A news report appearing earlier this week in Hospitals and Health Networks® discusses the achievements of the Pediatric Pain Rehabilitation Program offered by Mayo Clinic, Rochester, Minnesota. Since 2008, the 3-week hospital based outpatient program has treated over 1,400 adolescent and young adult patients with chronic pain ranging from migraine to fibromyalgia to chronic regional pain syndrome, among other conditions. A study of 1,000 participants in the program conducted earlier this year reported that self-reported scores of functional disability improved by 67% and depression levels declined by 47%. The program was also successful in tapering most participants off opioid medications during or shortly following program completion.
The Mayo Clinic approach combines intensive physical, occupational, and cognitive behavioral therapy that is individualized to a patient’s specific needs. Group therapy and socializing with other program participants is also important. Clinical director Cynthia Harbeck-Weber, PhD, noted “It’s not just being with people their own age, but also people who are going through something similar. From a developmental perspective, friendships are a really important part of an adolescent’s life.” Caregiver engagement and participation is another component of the Mayo Clinic approach, with the requirement that at least 1 parent join with the patient for the duration of the program. Mayo’s efforts to ensure payor acceptance has resulted in insurance coverage for about 92% of patients, but, the article acknowledges, the financial and logistical challenges of onsite participation remain.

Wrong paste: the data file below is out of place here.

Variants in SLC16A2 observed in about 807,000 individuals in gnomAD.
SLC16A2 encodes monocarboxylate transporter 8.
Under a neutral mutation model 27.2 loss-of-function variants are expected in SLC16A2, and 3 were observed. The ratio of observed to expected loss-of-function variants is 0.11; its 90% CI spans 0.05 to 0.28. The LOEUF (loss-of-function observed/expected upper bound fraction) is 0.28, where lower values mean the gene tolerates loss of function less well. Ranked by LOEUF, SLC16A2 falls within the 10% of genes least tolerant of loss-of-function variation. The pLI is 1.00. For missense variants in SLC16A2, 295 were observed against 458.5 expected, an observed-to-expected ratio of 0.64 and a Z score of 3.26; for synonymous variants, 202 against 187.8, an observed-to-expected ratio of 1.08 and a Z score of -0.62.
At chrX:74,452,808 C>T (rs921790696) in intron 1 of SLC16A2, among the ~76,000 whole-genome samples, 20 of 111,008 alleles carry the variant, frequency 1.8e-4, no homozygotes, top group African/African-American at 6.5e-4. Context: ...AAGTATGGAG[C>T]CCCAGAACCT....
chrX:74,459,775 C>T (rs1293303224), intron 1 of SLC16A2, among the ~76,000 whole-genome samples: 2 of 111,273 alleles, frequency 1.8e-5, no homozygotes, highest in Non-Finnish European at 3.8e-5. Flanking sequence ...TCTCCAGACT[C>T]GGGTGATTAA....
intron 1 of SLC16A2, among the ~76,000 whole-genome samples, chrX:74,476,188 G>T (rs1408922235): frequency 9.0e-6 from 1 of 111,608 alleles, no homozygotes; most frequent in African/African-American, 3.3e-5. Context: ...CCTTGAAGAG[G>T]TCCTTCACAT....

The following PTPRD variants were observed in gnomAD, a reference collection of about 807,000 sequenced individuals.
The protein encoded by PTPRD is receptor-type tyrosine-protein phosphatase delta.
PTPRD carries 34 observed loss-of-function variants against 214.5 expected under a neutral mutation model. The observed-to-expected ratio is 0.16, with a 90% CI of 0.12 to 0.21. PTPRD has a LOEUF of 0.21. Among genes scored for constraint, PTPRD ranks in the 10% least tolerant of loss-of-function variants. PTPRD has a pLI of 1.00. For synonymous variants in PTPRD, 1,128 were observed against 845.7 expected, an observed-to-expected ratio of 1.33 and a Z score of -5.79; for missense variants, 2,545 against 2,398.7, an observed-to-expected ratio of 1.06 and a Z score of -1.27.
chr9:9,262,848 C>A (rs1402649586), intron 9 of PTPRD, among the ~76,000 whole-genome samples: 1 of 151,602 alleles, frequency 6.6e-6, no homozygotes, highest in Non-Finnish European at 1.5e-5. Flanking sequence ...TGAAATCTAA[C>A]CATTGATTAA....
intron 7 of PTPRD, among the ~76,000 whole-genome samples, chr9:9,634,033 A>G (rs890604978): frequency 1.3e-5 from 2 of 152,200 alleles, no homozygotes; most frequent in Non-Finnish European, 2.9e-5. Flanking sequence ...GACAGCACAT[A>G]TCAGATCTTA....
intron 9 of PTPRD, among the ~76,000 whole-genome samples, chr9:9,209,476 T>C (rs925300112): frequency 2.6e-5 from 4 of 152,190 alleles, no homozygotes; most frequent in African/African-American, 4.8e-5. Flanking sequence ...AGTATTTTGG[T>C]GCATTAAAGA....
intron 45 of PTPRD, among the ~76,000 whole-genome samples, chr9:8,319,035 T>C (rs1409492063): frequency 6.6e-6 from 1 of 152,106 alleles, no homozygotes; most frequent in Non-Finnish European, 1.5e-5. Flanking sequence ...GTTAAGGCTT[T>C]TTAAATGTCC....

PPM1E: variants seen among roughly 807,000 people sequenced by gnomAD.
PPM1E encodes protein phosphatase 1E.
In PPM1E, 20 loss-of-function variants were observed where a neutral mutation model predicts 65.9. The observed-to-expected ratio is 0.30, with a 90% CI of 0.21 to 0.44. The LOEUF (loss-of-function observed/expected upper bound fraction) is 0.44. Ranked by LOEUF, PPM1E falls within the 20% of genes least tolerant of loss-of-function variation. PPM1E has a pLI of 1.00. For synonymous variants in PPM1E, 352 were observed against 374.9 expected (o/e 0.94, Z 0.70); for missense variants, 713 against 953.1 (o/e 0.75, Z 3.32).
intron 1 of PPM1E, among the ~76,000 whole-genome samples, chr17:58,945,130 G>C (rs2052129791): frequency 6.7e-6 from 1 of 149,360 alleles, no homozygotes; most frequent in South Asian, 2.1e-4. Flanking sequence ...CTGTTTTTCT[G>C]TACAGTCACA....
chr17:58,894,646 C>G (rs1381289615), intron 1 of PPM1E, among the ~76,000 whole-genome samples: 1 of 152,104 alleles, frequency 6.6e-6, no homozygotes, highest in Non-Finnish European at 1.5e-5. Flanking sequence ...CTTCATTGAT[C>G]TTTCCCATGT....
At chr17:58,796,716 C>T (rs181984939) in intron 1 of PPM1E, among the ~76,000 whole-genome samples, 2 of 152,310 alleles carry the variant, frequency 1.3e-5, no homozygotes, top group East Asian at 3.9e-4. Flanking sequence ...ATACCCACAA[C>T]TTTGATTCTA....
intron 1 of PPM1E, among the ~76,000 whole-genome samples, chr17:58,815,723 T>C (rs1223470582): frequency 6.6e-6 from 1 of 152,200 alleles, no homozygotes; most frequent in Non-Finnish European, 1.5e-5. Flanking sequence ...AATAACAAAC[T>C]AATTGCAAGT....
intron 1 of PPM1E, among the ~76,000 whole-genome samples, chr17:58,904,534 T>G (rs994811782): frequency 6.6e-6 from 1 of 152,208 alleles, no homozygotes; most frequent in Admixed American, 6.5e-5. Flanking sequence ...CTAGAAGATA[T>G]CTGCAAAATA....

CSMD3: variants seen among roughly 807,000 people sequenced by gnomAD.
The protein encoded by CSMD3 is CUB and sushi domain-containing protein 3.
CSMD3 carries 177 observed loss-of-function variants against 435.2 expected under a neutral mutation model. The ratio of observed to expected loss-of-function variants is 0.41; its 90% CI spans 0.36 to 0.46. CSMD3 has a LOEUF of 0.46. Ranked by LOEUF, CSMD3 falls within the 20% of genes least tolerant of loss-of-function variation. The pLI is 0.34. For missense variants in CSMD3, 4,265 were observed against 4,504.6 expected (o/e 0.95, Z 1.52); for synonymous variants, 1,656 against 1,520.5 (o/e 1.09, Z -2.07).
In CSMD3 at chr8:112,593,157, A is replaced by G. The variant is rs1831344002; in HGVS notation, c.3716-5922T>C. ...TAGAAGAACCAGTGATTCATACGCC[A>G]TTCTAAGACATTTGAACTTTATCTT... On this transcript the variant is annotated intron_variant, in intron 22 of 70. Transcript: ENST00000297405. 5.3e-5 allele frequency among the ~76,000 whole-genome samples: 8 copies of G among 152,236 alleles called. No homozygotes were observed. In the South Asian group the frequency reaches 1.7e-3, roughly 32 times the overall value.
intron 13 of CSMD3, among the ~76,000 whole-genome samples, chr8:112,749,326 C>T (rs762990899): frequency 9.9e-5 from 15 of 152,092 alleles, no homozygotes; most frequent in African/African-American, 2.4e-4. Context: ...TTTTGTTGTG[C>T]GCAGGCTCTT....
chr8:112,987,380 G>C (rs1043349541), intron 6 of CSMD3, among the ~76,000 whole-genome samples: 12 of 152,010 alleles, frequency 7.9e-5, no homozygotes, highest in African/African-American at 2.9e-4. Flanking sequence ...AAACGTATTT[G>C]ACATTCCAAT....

Read the news story about the Mayo Clinic Program.
Posted on December 21, 2017